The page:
3.2: Numbers in Expanded Form
Remember Julie and her decimal from the last Concept? She had the decimal .67 written in her notebook. In that Concept, you learned how to write identify the decimal digits according to place value.
Well, how could you write this decimal out the long way if you don't use words?
This is called expanded form, and it is the focus of this Concept. At the end of the Concept, you will know how to write any decimal in expanded form.
Guidance
In the last Concept, you learned how to express decimals in words using a place value chart and in pictures using grids with tens and hundreds in them. We can also stretch out a decimal to really see how much value each digit of the decimal is worth.
This is called expanded form.
What is expanded form?
Expanded form is when a number is stretched out. Let’s look at a whole number first and then use this information with decimals.
265
If we read this number we can read it as two hundred and sixtyfive. We can break this apart to say that we have two hundreds, six tens and five ones. HUH??? What does that mean? Let’s look at our place value chart to help us make sense of it.
Hundred  Tens  Ones  Tenths  Hundredths  Thousandths 
Ten Thousandths 


2  6  5  . 
If you look at the chart you can see how we got those values for each digit. The two is in the hundreds place. The six is in the tens place and the five is in the ones place. Here it is in expanded form.
2 hundreds + 6 tens + 5 ones
This uses words, how can we write this as a number?
200 + 60 + 5
Think about this, two hundred is easy to understand. Six tens is sixty because six times 10 is sixty. Five ones are just that, five ones.
This is our number in expanded form.
How can we write decimals in expanded form?
We can work on decimals in expanded form in the same way. First, we look at a decimal and put it into a place value chart to learn the value of each digit.
\begin{align*}.483\end{align*}
Hundred  Tens  Ones  Tenths  Hundredths  Thousandths 
Ten Thousandths 


.  4  8  3 
Now we can see the value of each digit.
4 = four tenths
8 = eight hundredths
3 = 3 thousandths
We have the values in words, now we need to write them as numbers.
Four tenths = .4
Eight hundredths = .08
Three thousandths = .003
What are the zeros doing in there when they aren’t in the original number?
The zeros are needed to help us mark each place. We are writing a number the long way, so we need the zeros to make sure that the digit has the correct value. If we didn’t put the zeros in there, then .8 would be 8 tenths rather than 8 hundredths. Now, we can write this out in expanded form.
\begin{align*}.483\end{align*}
.4 + .08 + .003 = .483
This is our answer in expanded form.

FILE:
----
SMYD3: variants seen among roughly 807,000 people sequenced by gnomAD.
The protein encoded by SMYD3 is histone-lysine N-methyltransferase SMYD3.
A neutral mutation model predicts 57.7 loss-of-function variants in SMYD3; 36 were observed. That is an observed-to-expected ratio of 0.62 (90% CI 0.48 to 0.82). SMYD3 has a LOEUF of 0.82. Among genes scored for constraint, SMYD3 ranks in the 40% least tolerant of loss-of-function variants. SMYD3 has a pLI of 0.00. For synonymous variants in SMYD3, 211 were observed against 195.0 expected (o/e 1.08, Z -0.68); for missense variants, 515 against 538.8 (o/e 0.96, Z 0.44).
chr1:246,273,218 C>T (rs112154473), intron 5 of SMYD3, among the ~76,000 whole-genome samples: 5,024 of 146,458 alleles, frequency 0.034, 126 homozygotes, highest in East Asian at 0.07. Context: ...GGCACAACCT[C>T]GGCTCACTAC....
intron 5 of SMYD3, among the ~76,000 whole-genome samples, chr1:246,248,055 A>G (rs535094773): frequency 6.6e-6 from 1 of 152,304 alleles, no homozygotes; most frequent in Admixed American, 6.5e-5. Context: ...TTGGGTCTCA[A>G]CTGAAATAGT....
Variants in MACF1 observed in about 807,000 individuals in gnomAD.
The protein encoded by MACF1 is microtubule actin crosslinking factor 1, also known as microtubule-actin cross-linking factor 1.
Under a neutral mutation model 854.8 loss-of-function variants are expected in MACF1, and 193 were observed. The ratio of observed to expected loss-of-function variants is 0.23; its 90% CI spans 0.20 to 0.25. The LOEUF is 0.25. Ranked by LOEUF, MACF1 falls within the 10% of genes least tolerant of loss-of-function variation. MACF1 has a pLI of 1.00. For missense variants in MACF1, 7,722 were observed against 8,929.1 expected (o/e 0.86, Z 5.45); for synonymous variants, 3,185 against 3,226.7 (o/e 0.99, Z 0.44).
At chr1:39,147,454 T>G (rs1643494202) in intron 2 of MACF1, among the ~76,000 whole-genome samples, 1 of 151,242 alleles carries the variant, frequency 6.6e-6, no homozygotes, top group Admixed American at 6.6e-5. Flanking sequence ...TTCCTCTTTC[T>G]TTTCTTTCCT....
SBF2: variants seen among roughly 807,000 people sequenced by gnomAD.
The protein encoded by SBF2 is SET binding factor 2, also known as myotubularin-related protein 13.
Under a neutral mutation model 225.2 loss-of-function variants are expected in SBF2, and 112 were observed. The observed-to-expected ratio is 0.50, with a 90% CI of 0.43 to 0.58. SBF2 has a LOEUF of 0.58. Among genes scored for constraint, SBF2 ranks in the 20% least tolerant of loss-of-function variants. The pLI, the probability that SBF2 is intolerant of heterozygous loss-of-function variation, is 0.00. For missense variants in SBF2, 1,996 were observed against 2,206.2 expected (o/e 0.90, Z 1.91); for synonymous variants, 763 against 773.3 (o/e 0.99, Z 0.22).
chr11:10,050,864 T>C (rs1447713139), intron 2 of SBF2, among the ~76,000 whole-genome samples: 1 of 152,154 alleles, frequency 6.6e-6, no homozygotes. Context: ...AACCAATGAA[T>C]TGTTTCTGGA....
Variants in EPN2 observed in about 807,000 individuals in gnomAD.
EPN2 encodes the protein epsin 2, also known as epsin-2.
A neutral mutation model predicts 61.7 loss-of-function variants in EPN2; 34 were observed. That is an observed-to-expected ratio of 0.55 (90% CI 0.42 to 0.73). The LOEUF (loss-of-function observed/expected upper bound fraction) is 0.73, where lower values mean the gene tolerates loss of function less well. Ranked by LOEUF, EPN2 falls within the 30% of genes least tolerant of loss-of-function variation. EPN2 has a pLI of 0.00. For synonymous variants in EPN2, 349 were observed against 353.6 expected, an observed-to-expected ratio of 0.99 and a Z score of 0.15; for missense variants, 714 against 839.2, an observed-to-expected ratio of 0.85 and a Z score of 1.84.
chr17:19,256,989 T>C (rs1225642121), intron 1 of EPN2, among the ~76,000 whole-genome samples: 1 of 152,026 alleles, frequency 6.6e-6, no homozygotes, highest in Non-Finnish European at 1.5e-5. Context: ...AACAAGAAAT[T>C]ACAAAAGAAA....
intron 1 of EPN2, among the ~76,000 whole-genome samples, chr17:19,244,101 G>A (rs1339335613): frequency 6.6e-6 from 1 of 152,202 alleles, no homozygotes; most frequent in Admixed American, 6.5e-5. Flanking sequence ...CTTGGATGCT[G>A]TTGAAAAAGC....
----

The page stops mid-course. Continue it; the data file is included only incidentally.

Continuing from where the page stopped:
Now let's practice. Write each number in expanded form.
Example A
\begin{align*}567\end{align*}
Solution: 500 + 60 + 7
Example B
\begin{align*}.345\end{align*}
Solution: .3 + .04 + .005
Example C
\begin{align*}.99\end{align*}
Solution: .9 + .09
Now let's apply this to the decimal that was in Julie's homework. Here is the original problem once again.
Well, in the last Concept, Julie had the decimal .67 written in her notebook. In that Concept, you learned how to write identify the decimal digits according to place value.
Well, how could you write this decimal out the long way if you don't use words?
Now let's write out .67 in expanded form. We have the tenths place and the hundredths place represented.
\begin{align*}.6 + .07 = .67\end{align*}
This is our answer.
Vocabulary
Here are the vocabulary words in this Concept.
 Whole number
 a number that represents a whole quantity
 Decimal
 a part of a whole
 Decimal point
 the point in a decimal that divides parts and wholes
 Expanded form
 writing out a decimal the long way to represent the value of each place value in a number
Guided Practice
Here is one for you to try on your own.
Write the following decimal in expanded notation.
\begin{align*}.4562\end{align*}
Answer
We have four places represented in this decimal. We have tenths, hundredths, thousandths and ten  thousandths represented in the decimal. We have to represent each of these places in the expanded form too.
\begin{align*}.4 + .05 + .006 + .0002 = .4562\end{align*}
This is our answer.
Video Review
Here is a video for review.
Khan Academy Decimal Place Value
Practice
Directions: Write each decimal out in expanded form.
1. .5
2. .7
3. .11
4. .05
5. .62
6. .78
7. .345
8. .98
9. .231
10. .986
11. .33
12. .821
13. .4321
14. .8739
15. .9327
Decimal
In common use, a decimal refers to part of a whole number. The numbers to the left of a decimal point represent whole numbers, and each number to the right of a decimal point represents a fractional part of a power of onetenth. For instance: The decimal value 1.24 indicates 1 whole unit, 2 tenths, and 4 hundredths (commonly described as 24 hundredths).Decimal point
A decimal point is a period that separates the complete units from the fractional parts in a decimal number.Expanded Form
Expanded form refers to a base and an exponent written as repeated multiplication.Whole Numbers
The whole numbers are all positive counting numbers and zero. The whole numbers are 0, 1, 2, 3, ...Image Attributions
Here you'll learn to express numbers in expanded form given decimal form.
Concept Nodes:
Decimal
In common use, a decimal refers to part of a whole number. The numbers to the left of a decimal point represent whole numbers, and each number to the right of a decimal point represents a fractional part of a power of onetenth. For instance: The decimal value 1.24 indicates 1 whole unit, 2 tenths, and 4 hundredths (commonly described as 24 hundredths).Decimal point
A decimal point is a period that separates the complete units from the fractional parts in a decimal number.Expanded Form
Expanded form refers to a base and an exponent written as repeated multiplication.Whole Numbers
The whole numbers are all positive counting numbers and zero. The whole numbers are 0, 1, 2, 3, ...